China pneumonia outbreak in children, should India be worried?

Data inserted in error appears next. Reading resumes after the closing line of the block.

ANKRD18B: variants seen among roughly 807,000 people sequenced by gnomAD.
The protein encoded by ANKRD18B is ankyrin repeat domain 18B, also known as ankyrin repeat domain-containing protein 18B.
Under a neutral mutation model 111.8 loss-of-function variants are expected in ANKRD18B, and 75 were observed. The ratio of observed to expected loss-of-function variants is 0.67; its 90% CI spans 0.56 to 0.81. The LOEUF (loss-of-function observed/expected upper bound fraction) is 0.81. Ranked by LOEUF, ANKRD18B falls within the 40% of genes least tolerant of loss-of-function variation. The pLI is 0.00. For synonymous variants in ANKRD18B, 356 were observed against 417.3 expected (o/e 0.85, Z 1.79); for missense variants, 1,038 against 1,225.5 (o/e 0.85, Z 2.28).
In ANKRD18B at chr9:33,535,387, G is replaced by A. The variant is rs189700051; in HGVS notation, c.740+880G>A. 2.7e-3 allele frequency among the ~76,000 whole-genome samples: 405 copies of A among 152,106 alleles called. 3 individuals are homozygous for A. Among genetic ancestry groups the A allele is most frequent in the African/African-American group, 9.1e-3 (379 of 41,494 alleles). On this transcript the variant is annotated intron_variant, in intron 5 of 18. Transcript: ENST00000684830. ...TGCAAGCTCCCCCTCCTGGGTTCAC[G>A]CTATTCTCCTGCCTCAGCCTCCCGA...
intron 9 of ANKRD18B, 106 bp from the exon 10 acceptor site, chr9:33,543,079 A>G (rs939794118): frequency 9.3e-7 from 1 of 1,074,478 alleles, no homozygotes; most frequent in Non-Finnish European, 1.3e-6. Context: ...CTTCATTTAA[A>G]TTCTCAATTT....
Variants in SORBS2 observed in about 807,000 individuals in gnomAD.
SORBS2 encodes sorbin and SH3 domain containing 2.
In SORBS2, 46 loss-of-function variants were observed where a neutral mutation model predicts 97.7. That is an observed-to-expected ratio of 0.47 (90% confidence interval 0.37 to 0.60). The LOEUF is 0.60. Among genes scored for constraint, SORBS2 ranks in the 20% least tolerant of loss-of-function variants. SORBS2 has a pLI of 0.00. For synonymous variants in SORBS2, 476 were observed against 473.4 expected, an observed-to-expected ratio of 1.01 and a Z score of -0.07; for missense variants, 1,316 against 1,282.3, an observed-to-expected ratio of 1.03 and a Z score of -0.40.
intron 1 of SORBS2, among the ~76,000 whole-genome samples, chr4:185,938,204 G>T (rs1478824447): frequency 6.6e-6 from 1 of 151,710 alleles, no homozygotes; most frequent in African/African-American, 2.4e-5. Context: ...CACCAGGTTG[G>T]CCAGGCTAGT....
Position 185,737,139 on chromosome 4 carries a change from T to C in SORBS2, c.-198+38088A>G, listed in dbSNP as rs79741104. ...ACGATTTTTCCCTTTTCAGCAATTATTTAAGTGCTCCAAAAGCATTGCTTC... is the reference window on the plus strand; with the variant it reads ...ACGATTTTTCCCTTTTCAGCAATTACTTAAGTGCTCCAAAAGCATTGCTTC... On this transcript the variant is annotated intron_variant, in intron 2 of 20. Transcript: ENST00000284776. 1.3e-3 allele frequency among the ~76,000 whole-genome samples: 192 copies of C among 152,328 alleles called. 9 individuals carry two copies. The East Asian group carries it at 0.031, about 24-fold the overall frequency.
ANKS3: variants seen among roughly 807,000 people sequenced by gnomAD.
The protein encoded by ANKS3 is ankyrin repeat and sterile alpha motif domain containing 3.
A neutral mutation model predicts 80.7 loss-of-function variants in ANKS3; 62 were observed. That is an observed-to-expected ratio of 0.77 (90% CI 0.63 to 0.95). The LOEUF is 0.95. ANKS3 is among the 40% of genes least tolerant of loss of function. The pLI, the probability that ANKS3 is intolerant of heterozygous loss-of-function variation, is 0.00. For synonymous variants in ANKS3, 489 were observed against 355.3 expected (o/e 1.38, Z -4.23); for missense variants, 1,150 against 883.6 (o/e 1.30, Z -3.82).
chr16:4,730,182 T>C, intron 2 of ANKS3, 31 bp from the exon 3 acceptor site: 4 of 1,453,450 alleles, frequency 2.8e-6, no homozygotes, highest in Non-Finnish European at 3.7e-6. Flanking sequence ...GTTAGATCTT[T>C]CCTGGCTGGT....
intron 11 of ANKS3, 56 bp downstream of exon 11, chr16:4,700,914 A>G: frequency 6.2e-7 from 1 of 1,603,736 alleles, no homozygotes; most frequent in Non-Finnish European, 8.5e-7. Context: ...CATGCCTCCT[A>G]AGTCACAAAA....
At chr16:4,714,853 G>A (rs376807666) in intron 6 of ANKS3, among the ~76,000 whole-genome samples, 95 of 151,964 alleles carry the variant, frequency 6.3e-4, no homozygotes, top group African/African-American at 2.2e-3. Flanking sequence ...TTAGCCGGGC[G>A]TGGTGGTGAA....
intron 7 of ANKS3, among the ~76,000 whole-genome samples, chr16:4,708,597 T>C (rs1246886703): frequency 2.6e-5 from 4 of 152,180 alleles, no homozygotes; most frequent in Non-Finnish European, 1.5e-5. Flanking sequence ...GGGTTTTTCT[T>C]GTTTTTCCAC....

Reports about a sudden spike in pneumonia infections in children in north China evoke a sense of déjà vu of the COVID-19 pandemic that shook the entire world only a few years ago. While China has attributed the surge of cases in children to a pathogen called mycoplasma pneumoniae and says that the infections are falling, it has also warned that there might be a rise in respiratory illnesses in adults as this was the first winter since COVID-19 restrictions were lifted. Here is all we know so far about the mycoplasma-induced respiratory illness that was reported in children.What is mycoplasma-induced respiratory illness?Mycoplasma pneumoniae is a bacteria that commonly causes mild respiratory illnesses. The bacteria usually causes mild illness in children but can escalate to a lung infection. It mainly spreads if a person comes in contact with droplets of an infected person, expelled while coughing or sneezing. An outbreak of mycoplasma pneumoniae usually occurs in crowded settings like educational institutions, homes and hospitals. The main symptoms of the infection are synonymous with what happens in common respiratory illnesses: fever, headache, sore throat, slowly worsening cough that can last for weeks or months, sneezing, stuffy or runny nose, watery eyes, vomiting, diarrhea, etc. While most people recover from the infection without any antibiotics, if a person develops a lung infection, they might need treatment. So it is recommended to visit a doctor if a person exhibits such symptoms. While there is no vaccination to prevent a mycoplasma pneumoniae infection, there are certain hygiene practices that might help safeguard ourselves from catching the infection.Covering our mouth and nose with a tissue or cloth while coughing or sneezing. If either is not available, sneeze or cough into the upper sleeve or elbow but not into our hands or palms.Disposing of the used tissue or cloth immediately.Washing our hands often with soap and water for at least 20 seconds, or using a hand sanitizer.What happened in China?– On November 13, the China’s National Health Commission reported that there was a spike in respiratory illnesses, majorly in children, many of which required hospitalisations, resulting in longer waits in hospitals. – On November 21, the Program for Monitoring Emerging Diseases (ProMED), a program of the International Society for Infectious Diseases (ISID)  and launched in 1994 to conduct global reporting of infectious disease outbreaks, stepped in, revealing the outbreak of an “undiagnosed respiratory illness in several areas in China as Beijing and Liaoning are almost 800 km apart.”  “It is not at all clear when this outbreak started as it would be unusual for so many children to be affected so quickly,” it said and noted it was not saying that any adults were affected, but suggesting some exposure at the schools. “ProMED awaits more definitive information about the etiology and scope of this concerning illness in China. It is too early to project whether this could be another pandemic,” it added. – On November 22, the World Health Organisation (WHO) officially requested China to provide additional epidemiological and clinical information, and laboratory results of the cases reported. On November 23, China provided the data and informed WHO that the increase in such cases was “earlier in the season than historically experienced, but not unexpected given the lifting of COVID-19 restrictions”. They also informed the world body that there had been “no detection of any unusual or novel pathogens or unusual clinical presentations”. Stating that the WHO was closely monitoring the situation and that it was in close contact with national authorities in China, the health body recommended people in China to follow measures to reduce the risk of respiratory illness, like wearing masks, maintaining physical distance from others, getting the necessary vaccine shots, etc.  But it did not place any restrictions on travel or other things.Should India be worried?On November 26, the Union Ministry of Health and Family Welfare (MoHFW) said that the Government of India was closely monitoring the situation and that there was no need for any alarm. “The Union Health Ministry has proactively decided to review the preparedness measures against respiratory illnesses as a matter of abundant caution,” it said. In a letter by the Union Health Secretary to States and Union Territories, the following measures have been suggested: > Immediately review public health and hospital preparedness measures viz. availability of HR, hospital beds, drugs & vaccines for influenza, medical oxygen, antibiotics, personal protective equipment, testing kits and reagents, functionality of oxygen plants and ventilators, infection control practices in health facilities, at a senior level. > Conduct integrated surveillance of respiratory pathogens presenting as cases of influenza like illness (ILI) and severe acute respiratory illness (SARI). > S